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VIEWpoint Issue 2 | 2021
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Due Diligence on Independent ATM Operators
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Proposed Regulations for Inherited IRAs Bring Unwelcome Surprises
The 34-nation Organisation for Economic Cooperation and Development (OECD) and the G20 countries issued its proposed Guidance on Transfer Pricing Documentation and Country-by-Country Reporting, which is designed to constrain global tax avoidance.
It’s no surprise the OECD and the G20 have set their sights on transfer pricing, which refers to pricing arrangements for transfers of goods, services and intangibles between related companies in different jurisdictions. These arrangements can be easily manipulated to shift profits into jurisdictions with lower tax rates, resulting in fraudulent transfer pricing.
Most countries have transfer pricing rules designed to deter this sort of tax avoidance by requiring intercompany transactions to have terms similar to arm’s-length transactions between unrelated parties. But not all jurisdictions require companies to document their transfer pricing decisions.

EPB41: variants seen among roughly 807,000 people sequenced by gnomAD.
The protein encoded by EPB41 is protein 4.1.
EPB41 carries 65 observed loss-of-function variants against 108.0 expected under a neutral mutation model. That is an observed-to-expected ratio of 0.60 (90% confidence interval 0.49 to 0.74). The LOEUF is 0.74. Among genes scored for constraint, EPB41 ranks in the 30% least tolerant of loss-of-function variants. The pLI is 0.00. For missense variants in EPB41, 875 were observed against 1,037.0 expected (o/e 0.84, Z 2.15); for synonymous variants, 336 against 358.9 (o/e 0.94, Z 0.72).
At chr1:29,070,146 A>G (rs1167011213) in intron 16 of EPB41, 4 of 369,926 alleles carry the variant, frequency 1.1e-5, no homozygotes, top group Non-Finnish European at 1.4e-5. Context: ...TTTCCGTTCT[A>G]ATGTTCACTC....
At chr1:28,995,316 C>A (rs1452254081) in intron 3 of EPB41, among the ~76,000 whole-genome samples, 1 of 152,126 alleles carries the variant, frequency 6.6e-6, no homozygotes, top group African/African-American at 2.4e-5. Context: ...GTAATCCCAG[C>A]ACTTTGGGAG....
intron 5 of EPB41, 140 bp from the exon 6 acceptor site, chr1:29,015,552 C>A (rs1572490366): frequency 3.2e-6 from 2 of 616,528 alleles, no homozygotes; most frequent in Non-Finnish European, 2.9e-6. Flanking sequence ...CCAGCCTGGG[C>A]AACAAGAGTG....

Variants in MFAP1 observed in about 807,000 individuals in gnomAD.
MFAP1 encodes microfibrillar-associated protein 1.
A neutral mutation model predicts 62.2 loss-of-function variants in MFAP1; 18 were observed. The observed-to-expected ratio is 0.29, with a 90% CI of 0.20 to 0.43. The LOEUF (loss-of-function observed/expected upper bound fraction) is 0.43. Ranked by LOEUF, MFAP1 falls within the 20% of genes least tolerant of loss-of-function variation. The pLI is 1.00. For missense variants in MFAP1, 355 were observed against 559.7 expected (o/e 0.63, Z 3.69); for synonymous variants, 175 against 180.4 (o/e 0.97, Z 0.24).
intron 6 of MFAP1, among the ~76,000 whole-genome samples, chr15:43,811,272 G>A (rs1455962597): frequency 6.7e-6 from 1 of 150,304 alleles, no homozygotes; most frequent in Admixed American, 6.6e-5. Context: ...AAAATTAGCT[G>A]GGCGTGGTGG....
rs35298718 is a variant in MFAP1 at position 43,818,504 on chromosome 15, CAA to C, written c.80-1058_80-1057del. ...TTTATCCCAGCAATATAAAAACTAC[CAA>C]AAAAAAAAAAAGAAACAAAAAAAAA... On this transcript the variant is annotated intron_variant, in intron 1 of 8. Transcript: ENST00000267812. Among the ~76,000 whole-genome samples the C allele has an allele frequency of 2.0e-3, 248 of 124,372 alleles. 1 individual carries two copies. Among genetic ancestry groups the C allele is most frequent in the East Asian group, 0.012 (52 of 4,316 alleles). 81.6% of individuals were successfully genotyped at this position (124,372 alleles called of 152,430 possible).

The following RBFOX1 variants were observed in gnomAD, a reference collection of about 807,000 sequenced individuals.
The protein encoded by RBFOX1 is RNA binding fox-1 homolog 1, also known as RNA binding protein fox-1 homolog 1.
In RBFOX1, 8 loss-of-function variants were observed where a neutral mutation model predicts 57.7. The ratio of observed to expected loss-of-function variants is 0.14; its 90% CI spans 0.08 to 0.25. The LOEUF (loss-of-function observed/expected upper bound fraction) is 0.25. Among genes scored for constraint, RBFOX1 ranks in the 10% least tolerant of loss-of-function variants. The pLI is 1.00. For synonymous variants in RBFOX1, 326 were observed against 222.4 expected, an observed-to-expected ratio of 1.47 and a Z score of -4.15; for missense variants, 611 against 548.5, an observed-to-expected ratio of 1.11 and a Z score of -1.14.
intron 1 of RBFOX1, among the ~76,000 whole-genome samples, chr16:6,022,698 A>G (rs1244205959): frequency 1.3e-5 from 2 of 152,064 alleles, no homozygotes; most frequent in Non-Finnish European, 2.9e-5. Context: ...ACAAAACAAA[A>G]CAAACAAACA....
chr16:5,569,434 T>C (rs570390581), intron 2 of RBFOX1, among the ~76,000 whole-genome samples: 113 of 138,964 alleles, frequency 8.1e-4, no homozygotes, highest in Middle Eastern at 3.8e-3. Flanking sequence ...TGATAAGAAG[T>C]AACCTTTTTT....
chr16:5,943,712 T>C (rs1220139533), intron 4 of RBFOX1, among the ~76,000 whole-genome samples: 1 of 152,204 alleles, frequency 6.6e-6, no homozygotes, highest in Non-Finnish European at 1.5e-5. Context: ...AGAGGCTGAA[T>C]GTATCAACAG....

Under the guidance, companies operating in two or more countries would file a single “country-by-country” report annually, disclosing revenues, profits before income tax, and income tax paid and accrued for each jurisdiction.
Additional requirements include:
According to the OECD, the documentation will help tax administrations identify whether companies have “engaged in transfer pricing and other practices that have the effect of artificially shifting substantial amounts of income into tax-advantaged environments.”
It’s not certain whether the OECD’s recommendations will be adopted and, if they are, when and by which countries. But given the high level of interest in global tax reporting, multinational companies should begin to think about the types of policies, procedures and systems they would need to have in place to comply with the OECD’s proposed reporting requirements.
This publication is distributed for informational purposes only, with the understanding that Doeren Mayhew is not rendering legal, accounting, or other professional opinions on specific facts for matters, and, accordingly, assumes no liability whatsoever in connection with its use. Should the reader have any questions regarding any of the news articles, it is recommended that a Doeren Mayhew representative be contacted.
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